“Also the statement that potential profits are used to benefit science seems legitimate, but what exactly do we really know about the business model of learned societies and their journals? To answer these and other questions ScienceGuide spoke with editors and publishers deeply involved with the business of learned societies, and asked them about the value of learned society journals, and what they know about the underlying business model….
Van Ommen starts out to say that he is totally on board with open access, “but Plan S is reckless and ill-conceived.” ….
A similar line of reasoning moved the International Society for Stem Cell Research (ISSCR) to seek out the commercial publisher Elsevier as their partner for a newly launched journal. Former president of the Royal Academy and current president of the (ISSCR) Hans Clevers was involved in the negotiations with the publisher on launching the open access journal Stem Cell Reports….
All of this provided a perfect opportunity for commercial publishers to either co-opt or completely take over these society journals. In 2004 a survey by the Association Learned & Professional Society Publishers found an estimated half of the learned society journals, especially the smaller ones, were run by third party commercial publishers. A 2013 also found that most of the learned societies have little information about how their income is derived….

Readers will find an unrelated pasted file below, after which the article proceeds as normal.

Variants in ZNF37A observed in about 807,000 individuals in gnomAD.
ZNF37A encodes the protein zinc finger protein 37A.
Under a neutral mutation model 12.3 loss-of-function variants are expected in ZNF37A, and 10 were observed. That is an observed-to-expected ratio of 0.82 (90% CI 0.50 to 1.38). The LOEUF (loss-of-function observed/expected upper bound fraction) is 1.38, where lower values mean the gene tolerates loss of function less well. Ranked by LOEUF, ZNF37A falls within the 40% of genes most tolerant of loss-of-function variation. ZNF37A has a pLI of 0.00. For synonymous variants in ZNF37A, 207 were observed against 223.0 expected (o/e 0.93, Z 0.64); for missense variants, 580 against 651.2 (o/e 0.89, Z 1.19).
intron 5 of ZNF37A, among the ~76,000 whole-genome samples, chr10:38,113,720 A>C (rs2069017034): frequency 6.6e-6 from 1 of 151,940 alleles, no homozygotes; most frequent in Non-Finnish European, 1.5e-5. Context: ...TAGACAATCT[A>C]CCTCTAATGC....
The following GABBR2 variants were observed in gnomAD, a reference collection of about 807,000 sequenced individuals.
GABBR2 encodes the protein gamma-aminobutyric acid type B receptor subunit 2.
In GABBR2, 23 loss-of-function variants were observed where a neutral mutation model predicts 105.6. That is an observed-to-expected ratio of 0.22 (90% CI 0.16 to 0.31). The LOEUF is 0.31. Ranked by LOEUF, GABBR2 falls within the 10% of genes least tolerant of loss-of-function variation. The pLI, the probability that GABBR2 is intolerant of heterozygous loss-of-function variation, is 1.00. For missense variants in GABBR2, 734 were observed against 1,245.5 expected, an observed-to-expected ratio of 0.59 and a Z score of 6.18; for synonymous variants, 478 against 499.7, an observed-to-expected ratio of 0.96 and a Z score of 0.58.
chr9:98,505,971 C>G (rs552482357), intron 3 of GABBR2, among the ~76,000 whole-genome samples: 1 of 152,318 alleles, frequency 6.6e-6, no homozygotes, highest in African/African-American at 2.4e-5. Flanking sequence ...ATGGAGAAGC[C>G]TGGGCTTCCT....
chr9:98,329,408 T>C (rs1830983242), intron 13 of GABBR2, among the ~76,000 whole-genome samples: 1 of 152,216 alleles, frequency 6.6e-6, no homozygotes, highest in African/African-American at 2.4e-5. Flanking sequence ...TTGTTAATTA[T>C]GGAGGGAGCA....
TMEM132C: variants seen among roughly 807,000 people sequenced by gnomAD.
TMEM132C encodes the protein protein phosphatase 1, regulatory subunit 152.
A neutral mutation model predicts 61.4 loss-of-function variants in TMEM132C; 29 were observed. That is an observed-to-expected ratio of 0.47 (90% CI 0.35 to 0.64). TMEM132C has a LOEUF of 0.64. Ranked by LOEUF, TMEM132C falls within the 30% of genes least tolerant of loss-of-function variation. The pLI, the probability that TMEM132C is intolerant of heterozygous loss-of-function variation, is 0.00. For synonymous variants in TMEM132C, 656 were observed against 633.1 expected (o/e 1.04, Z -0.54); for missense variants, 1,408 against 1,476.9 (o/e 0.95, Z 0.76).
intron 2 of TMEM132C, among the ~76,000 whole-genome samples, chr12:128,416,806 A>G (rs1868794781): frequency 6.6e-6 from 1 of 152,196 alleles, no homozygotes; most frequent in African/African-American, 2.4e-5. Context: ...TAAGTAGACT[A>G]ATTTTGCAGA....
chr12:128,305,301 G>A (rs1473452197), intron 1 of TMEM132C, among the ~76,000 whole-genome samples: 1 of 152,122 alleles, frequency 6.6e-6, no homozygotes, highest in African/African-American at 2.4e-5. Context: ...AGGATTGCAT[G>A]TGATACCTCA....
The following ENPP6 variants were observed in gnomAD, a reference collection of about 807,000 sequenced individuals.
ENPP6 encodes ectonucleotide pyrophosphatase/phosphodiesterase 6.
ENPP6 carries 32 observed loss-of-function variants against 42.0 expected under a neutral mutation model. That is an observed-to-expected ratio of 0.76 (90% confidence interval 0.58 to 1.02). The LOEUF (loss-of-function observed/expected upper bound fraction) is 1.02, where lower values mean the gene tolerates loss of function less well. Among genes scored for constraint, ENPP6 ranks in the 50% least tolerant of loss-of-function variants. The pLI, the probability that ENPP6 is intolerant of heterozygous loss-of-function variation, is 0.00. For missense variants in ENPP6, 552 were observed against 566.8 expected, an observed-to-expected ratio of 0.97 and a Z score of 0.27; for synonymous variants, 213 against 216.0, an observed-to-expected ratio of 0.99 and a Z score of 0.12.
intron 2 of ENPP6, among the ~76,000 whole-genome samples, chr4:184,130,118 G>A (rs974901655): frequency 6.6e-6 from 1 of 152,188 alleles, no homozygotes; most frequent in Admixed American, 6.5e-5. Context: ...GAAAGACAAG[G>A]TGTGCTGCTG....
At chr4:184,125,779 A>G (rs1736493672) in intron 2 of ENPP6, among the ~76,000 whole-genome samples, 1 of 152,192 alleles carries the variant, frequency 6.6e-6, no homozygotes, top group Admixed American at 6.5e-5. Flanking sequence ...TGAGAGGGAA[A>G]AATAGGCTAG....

Fletcher is somewhat baffled by the fact that learned societies don’t know about the full picture behind the business model of co-publishing. …
Although the level of detail in the annual reports of learned societies is too low to get a good estimate on costs and benefit, Kramer is positively surprised by the level of transparency. “If you’d want to have an overview like this for most commercial publishers you’d have a very hard time.” She points out that under Plan S journals are urged to be even more transparent on the way in which costs are derived. “Hopefully we’ll get an even better insight into the cost model of publishers.”
In the revised implementation of Plan S transparency is still a key conditional for compliance. In a previous interview with ScienceGuide president of the Dutch research funder NWO Stan Gielen indicated that in order to comply with the Plan S requirements journals would have to be upfront on how their APC is compiled. “We’re not going to require full transparency from every journal, but if an APC is ludicrously high, we’ll definitely ask questions about their business model.” …”